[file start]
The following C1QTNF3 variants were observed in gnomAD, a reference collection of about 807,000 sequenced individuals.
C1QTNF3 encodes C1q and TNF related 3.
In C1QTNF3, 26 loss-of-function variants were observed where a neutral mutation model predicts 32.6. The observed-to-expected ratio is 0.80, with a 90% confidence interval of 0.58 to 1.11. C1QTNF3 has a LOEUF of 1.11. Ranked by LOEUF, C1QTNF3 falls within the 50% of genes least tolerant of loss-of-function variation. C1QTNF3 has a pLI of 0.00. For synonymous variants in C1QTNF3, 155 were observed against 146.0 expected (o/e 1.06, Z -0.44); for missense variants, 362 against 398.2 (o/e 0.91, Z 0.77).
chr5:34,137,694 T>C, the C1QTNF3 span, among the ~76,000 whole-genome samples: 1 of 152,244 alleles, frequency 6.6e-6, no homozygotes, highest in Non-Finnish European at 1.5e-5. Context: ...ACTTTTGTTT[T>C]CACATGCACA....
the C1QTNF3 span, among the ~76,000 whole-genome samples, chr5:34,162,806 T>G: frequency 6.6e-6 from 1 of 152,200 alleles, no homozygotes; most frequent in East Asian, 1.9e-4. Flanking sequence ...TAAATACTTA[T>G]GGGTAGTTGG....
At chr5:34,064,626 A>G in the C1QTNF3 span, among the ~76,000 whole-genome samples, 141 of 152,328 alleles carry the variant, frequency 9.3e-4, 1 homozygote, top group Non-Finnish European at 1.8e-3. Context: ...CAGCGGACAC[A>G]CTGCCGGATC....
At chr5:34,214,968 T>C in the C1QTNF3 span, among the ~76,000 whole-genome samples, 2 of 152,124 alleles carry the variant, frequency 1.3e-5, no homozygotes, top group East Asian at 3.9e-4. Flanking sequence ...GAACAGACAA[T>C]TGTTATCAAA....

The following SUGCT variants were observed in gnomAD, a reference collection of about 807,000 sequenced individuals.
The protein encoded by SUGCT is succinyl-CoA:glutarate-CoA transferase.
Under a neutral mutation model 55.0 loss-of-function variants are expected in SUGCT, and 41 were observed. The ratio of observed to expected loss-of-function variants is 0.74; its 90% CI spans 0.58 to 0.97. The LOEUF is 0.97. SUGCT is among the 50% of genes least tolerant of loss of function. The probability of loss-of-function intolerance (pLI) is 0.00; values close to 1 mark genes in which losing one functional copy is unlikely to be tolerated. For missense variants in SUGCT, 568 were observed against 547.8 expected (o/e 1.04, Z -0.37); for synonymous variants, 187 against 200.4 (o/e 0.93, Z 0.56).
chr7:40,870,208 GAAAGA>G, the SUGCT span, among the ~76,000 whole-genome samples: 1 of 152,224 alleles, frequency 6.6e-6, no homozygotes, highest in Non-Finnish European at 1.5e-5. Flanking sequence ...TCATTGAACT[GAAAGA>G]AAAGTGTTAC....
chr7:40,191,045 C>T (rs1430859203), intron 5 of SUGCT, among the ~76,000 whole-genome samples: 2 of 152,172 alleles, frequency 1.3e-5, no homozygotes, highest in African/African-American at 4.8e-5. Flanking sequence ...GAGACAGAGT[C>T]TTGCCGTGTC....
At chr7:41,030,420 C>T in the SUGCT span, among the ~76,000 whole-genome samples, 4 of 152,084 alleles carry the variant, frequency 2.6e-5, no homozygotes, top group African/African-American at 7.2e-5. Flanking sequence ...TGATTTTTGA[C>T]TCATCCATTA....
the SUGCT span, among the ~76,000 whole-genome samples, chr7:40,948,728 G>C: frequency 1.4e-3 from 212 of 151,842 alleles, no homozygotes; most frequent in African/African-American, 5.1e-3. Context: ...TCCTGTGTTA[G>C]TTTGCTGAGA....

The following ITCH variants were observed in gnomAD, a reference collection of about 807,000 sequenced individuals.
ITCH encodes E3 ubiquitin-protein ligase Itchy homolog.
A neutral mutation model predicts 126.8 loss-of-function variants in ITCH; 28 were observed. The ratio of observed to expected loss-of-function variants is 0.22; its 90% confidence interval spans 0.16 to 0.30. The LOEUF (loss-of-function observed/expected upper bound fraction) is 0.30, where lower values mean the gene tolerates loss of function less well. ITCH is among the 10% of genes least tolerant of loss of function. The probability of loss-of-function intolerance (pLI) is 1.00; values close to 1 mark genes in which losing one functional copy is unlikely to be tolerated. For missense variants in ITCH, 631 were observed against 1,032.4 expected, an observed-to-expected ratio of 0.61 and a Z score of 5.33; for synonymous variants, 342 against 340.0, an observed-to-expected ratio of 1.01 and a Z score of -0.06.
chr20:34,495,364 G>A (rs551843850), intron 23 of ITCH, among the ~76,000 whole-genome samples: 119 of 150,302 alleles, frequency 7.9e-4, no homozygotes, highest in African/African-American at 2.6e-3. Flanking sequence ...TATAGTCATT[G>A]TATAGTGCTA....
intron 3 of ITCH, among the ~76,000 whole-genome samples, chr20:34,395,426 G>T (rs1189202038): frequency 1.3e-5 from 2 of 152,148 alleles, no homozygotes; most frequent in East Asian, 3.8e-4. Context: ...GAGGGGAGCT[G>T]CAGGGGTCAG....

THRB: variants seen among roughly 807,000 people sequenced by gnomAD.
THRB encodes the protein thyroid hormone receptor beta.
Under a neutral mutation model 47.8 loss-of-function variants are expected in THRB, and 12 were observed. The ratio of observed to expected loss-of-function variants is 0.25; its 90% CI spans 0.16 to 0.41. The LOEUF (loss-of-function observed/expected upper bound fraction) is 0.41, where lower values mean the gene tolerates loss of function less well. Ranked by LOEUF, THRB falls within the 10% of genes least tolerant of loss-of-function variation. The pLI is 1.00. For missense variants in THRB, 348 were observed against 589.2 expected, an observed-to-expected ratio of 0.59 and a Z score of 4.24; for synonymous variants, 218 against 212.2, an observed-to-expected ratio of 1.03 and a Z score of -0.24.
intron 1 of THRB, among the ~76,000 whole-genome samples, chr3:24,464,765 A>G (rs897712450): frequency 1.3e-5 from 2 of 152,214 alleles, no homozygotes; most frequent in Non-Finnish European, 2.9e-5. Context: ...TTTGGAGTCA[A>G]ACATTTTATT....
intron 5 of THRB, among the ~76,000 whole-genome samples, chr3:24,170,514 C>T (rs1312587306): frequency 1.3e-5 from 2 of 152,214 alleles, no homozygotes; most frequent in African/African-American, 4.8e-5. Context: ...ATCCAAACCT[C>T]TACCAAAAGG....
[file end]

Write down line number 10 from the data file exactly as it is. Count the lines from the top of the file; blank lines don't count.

Under a neutral mutation model 55.0 loss-of-function variants are expected in SUGCT, and 41 were observed. The ratio of observed to expected loss-of-function variants is 0.74; its 90% CI spans 0.58 to 0.97. The LOEUF is 0.97. SUGCT is among the 50% of genes least tolerant of loss of function. The probability of loss-of-function intolerance (pLI) is 0.00; values close to 1 mark genes in which losing one functional copy is unlikely to be tolerated. For missense variants in SUGCT, 568 were observed against 547.8 expected (o/e 1.04, Z -0.37); for synonymous variants, 187 against 200.4 (o/e 0.93, Z 0.56).